Monday, June 05, 2006
The beaches are beautiful here, quiet clean and relatively empty (at this time of year, at least). Even in Swinoujscie, the seafront is well shielded off from all the touristy rubbish, so you can pretend it doesn't exist once you get down to the sand. Today we saw swans swimming in the sea.
It wasn't hard to find a room here. Coming through town, it was harder to pick out the houses which didn't have rooms to let. We knocked on a couple of doors and managed to get a room for 50zl per night. That's about 9 quid. It's a tiny room and the bed takes up half of it. Our panniers take up half of the other half of it, and there's just enough room for us! We have about 15 quid a day in interest off our combined savings, we could almost do this except that we have no cooking facilities so if we don't want sandwiches for lunch and dinner, we have to eat out and that takes us over budget.
We're looking to rent an apartment in Poland on a 2-3 month lease so we can hopefully keep under budget and spend the summer here - so we popped into an immobilien in Swinoujscie to see if they had anything. The lady said no we don't have anything, but printed out a list of apartments from the town website - unfortunately they all turned out to be holiday rentals at holiday rental prices. There are immobiliens here in Miedzyzdroje but for some reason today they all appeared to be closed, despite their opening hours claiming otherwise. Perhaps we've stumbled over another national holiday and haven't quite realised. We'll try again tomorrow, but we may well end up back in Szczecin trying to sort things out there. Which is no great hardship now that we've found the lovely Brama cafe, and also learned that there is a Dutch pancake restaurant in the city. Mmmm...
We left Szczecin yesterday, heading in the general direction of coastwards. We decided not to try and make it in a day, and to try stopping at Goleniow. We went through some really beautiful foresty areas on the way to Goleniow - Germany has some nice foresty bits, but Poland even moreso. It's a bit scary on the big roads, but absolutely lovely once you get onto the quiet lanes. We stopped off for a picnic in the middle of nowhere, on what looked like a very freshly-made picnic bench.
Unfortunately, Goleniow didn't want us - there were only two hotels and both were full, probably related to whatever festival type thing was going on in Szczecin. Since there were no campsites around, we carried on to Loznica, which was marked on the map as having a hotel.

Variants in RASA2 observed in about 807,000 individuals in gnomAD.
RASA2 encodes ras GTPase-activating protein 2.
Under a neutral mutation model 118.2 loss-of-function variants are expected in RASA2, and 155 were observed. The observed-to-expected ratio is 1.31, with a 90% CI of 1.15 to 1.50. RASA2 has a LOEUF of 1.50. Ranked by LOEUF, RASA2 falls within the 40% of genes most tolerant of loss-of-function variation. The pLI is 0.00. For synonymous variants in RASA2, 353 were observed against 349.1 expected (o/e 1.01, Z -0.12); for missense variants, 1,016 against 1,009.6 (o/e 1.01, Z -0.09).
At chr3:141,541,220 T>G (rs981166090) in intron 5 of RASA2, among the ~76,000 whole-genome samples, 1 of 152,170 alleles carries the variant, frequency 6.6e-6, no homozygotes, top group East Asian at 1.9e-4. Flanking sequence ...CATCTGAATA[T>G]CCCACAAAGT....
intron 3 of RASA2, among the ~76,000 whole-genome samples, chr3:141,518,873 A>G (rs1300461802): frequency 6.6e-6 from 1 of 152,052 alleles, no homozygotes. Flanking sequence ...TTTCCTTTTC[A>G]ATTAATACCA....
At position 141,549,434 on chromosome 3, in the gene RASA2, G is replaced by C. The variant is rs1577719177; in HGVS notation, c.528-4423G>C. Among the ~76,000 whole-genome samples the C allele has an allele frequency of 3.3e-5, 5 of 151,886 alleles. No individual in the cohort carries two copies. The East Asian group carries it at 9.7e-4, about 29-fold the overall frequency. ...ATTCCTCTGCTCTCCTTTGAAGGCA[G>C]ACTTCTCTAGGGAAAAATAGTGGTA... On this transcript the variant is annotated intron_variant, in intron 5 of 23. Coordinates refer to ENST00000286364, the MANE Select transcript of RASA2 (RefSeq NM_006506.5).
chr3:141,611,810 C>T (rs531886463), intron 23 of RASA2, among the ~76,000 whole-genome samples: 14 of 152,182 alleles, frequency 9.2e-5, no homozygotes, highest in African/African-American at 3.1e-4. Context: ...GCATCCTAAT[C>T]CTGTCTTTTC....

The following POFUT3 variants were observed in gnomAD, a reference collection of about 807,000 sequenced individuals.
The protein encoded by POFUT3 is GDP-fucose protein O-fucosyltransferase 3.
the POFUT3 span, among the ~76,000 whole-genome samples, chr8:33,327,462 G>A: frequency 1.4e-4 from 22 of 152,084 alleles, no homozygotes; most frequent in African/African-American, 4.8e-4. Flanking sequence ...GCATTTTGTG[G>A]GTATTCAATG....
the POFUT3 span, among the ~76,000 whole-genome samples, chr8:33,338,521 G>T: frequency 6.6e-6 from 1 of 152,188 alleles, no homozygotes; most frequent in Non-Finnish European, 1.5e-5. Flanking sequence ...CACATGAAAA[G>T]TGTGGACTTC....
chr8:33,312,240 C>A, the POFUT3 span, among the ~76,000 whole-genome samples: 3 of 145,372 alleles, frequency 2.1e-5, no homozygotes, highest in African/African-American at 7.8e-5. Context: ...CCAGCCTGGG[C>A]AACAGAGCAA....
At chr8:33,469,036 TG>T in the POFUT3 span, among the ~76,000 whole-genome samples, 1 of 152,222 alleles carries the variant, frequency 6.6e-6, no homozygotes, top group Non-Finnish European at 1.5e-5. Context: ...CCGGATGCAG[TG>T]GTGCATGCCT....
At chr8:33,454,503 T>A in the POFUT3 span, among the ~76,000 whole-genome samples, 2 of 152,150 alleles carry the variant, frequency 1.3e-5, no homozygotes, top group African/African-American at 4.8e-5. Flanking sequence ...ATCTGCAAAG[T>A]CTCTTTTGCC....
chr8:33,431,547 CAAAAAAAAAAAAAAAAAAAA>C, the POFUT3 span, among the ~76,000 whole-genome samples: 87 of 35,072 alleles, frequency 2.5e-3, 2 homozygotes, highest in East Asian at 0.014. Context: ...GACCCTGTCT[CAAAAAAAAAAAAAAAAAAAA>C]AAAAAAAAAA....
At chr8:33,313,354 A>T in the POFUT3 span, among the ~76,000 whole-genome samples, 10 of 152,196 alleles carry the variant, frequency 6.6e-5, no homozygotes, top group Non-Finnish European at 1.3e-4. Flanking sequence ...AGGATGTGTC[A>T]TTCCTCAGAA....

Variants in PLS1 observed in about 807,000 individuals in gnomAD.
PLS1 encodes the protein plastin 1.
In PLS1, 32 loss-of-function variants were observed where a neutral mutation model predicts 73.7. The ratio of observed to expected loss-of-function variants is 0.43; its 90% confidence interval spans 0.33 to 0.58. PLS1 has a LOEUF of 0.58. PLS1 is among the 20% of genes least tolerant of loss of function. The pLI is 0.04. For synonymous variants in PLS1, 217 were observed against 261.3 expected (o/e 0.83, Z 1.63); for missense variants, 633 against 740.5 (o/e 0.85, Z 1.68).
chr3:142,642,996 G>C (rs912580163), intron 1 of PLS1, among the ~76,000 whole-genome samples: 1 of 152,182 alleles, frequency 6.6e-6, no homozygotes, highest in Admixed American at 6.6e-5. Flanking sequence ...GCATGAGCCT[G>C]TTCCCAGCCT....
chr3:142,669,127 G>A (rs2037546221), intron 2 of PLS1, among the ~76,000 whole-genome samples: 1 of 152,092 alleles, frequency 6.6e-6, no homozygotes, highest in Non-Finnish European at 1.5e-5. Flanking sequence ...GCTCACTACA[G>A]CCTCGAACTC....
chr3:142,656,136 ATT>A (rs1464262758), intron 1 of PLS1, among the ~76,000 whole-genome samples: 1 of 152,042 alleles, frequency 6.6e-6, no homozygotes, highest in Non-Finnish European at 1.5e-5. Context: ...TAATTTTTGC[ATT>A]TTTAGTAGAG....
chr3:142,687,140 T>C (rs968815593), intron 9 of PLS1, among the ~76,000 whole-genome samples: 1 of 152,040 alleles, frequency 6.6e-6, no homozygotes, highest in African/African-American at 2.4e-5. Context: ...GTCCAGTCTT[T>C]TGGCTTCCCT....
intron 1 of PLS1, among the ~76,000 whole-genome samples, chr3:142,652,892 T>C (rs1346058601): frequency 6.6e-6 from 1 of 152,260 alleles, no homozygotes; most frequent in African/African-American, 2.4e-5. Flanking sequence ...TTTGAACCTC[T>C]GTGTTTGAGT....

Loznica turned out to be a quiet, pretty little village which looked very much like the kind of place that doesn't have a hotel, and the locals seemed to agree with our assessment. We were still nowhere near any campsites, they're all on the coast. We were all for camping rough in a bit of forest except that we didn't have enough water with us, and only bread and cheese for dinner, we hadn't seen any shops for miles and had no idea where the nearest one would be.
What Loznica did have was a train station, with trains going up to the coast. So, knowing nothing of the Polish train system, we thought we'd give it a go. Cheers to the stationmaster for holding up one end of a rather difficult conversation in German, during which we learned which towns we could get trains to, times, prices, platforms, etc, and that it's OK to take our Fahrrads with us, they get tickets too. In Germany we would hope that the person we're speaking to might know a bit of English, but here in Poland, the alternative is so strange to us that we'll happily settle for a bit of German! The train station itself was fantastically old fashioned and full of lots of clunking machines with big levers and dials, which the stationmaster was busily operating during our conversation.
The train pulled up about 45 minutes later and we were faced with a problem that seems common on a lot of European trains - low platforms and high trains. In this respect (and not many more) the UK trains are quite good - there's typically less than a foot in height between the train and platform and it's easy to get bikes on and off. On the Polish train, we were faced with hoisting our fully-laden bikes about 3-4 feet up into crowded carriages. Fun, fun, fun. Fortunately our fellow passengers were a good deal more helpful and accommodating than your average grumpy UK traveller, people moved to make space for us and several helping hands reached down to pull our bikes into the crowded vestibules.